Friday, December 09, 2011

Review: 420 Characters by Lou Beach

420 Characters
Author: Lou Beach
176 pages
Publisher: Houghton Mifflin Harcourt
Published: December 6, 2011

I would tell you what a beautiful book this was if I actually had the physical book.  I'm told it's lovely.  I'd requested a review copy and the wonderful (really) people at Houghton Mifflin Harcourt told me to just go ahead and grab it from NetGalley.  So while I can't tell you how the book feels in my hands or honestly remark on the wonderful design, I can tell you about the wonderful little stories contained within.

Lou Beach is known more for his illustration work than his writing, but that doesn't mean this collection isn't pretty good.

All of these stories were written on Facebook.  The title refers to the character limit of a Facebook status update and thus, each story is 420 characters or less.  This constraint forces Beach to be sparse and economical with words, generating atmosphere and leaving doors wide open for  interpretation.  Here's one of my favorites:

THE WANKER IN THE WARDROBE sits on my wife's shoes. He amuses himself by pressing his face into her wool skirt. He breathes deeply, imagines himself a bat flying through a humid night. Each evening we leave a saucer of gin out for him. One time we panicked when the dish remained untouched for three days. He'd been away.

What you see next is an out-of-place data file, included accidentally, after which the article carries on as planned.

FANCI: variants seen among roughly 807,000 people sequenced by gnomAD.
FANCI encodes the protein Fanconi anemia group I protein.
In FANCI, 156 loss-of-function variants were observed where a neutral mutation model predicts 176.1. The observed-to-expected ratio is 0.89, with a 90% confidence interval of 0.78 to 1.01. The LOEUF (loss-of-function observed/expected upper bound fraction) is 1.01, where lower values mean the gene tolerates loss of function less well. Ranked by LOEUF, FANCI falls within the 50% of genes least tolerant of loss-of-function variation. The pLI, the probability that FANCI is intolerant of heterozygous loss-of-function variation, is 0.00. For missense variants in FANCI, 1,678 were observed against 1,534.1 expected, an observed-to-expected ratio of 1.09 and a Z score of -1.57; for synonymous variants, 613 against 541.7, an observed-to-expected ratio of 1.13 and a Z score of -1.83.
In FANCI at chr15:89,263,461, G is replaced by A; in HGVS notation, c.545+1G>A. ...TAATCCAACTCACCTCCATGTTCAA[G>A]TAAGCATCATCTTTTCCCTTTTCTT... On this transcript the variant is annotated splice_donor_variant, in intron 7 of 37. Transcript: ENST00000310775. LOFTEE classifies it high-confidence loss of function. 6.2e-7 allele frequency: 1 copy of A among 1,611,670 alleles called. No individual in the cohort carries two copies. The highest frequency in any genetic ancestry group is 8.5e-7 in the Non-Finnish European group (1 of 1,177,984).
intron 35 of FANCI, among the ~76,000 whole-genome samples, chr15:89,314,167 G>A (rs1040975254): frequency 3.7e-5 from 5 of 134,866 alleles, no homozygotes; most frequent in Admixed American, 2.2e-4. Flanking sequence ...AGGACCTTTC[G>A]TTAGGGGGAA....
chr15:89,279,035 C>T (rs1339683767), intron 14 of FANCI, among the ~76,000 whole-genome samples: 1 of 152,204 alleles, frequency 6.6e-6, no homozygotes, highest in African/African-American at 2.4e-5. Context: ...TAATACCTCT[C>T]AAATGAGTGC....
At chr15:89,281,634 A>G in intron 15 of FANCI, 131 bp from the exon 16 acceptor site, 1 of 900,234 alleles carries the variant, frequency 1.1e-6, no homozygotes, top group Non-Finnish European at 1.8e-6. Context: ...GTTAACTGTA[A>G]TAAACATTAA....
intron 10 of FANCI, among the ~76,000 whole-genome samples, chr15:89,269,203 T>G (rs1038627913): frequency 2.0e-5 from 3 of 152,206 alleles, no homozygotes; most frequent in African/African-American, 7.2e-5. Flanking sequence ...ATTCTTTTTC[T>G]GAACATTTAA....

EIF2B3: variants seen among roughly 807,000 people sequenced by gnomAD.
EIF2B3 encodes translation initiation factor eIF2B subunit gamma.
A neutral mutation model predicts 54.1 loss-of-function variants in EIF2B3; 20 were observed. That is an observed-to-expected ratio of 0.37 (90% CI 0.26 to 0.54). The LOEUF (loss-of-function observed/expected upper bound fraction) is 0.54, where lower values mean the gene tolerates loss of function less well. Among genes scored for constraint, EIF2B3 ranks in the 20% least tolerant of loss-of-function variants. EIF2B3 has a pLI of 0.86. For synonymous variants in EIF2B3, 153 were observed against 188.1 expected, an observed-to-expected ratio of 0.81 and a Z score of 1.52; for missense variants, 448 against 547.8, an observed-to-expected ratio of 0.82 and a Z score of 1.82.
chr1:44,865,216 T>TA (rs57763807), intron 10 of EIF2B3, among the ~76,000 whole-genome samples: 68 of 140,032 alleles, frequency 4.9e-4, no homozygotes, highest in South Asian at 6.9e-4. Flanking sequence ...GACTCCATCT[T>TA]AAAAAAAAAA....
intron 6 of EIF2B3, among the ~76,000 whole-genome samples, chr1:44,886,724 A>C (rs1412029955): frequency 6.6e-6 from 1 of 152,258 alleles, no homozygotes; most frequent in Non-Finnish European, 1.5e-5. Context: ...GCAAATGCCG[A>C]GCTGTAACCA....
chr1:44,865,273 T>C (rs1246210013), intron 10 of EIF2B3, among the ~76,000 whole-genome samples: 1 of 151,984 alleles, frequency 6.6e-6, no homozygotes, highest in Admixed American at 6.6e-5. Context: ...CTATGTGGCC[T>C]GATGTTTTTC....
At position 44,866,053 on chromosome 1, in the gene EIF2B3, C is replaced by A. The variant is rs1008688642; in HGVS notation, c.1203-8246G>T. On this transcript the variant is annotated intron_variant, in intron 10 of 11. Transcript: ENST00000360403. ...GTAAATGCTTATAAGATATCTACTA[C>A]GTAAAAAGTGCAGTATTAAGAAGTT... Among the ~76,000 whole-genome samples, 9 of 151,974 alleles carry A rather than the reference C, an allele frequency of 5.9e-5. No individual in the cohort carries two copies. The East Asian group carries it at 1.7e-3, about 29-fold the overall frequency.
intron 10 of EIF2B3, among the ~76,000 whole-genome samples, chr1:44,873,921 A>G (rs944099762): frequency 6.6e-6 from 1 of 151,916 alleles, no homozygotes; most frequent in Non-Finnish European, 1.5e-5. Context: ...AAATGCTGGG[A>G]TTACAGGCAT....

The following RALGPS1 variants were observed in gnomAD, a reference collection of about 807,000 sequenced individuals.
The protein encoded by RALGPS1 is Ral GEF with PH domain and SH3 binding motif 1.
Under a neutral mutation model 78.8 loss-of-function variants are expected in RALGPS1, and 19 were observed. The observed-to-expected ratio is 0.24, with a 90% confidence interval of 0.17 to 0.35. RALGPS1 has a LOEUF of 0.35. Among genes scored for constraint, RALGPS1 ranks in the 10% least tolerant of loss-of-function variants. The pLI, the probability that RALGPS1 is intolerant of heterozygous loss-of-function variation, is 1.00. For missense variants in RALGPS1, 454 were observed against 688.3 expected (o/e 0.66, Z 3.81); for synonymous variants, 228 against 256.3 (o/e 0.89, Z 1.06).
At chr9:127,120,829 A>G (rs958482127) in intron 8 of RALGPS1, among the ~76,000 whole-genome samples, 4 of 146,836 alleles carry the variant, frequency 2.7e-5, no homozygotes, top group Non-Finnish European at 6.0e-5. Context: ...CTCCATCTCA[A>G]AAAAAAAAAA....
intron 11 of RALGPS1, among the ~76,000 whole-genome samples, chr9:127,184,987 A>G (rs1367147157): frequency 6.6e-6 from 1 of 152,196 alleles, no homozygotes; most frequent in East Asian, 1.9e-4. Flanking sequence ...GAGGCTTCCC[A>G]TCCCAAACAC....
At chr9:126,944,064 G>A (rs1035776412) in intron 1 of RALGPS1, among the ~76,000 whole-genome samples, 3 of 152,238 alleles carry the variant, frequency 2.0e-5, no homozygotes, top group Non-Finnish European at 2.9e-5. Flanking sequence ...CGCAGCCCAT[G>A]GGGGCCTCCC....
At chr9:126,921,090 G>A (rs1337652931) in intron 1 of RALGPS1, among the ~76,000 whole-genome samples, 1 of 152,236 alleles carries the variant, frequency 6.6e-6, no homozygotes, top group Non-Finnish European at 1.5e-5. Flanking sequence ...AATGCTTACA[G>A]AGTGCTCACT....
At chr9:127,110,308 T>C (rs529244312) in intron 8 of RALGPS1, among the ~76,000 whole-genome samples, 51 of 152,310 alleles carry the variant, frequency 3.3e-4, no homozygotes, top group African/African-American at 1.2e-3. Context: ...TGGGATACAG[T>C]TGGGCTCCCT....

There's so much here!   These people know there's a wanker in the wardrobe.  He sits on the wife's shoes and presses his face into her skirt, but is he there because he loves the wife or is it just coincidence?  Why does he imagine himself a bat when he puts his face in the skirt?  Why not a bird?  What is even meant by "wanker" anyway?  Are we talking about a masturbater or just an asshole?  And the wanker lives on gin?  Does the wanker ever consume anything else?  Where did the wanker go anyway?  And wait, these people seem to support the wanker staying in the wardrobe?  Does this wardrobe go to Narnia?

They're all like that in some way or another.  Sometimes the "story" is a little more solid and we're left to work out the back-story and other times it just feels like a bunch of images that are loosely connected.

I imagine a fun thing to do would be to pass this book around a group of friends, read a story aloud and then talk it out with your friends and see where it takes you.

I can't finish this review without mentioning the illustrations that are littered throughout the book.  Beach is a collage artist and his creations are often really stunning.  What I like the most about them is that they kind of mirror the kind of stories that Beach writes.  They're images that kind of go together but also appear somewhat jumbled and like they might tell their own story. Here's an example:

Overall the stories are really fun and creative and have a playful nature.  Their length really feels like their strength and I really enjoyed the experience of reading them.

Rating 8/10

Book Source: Netgalley

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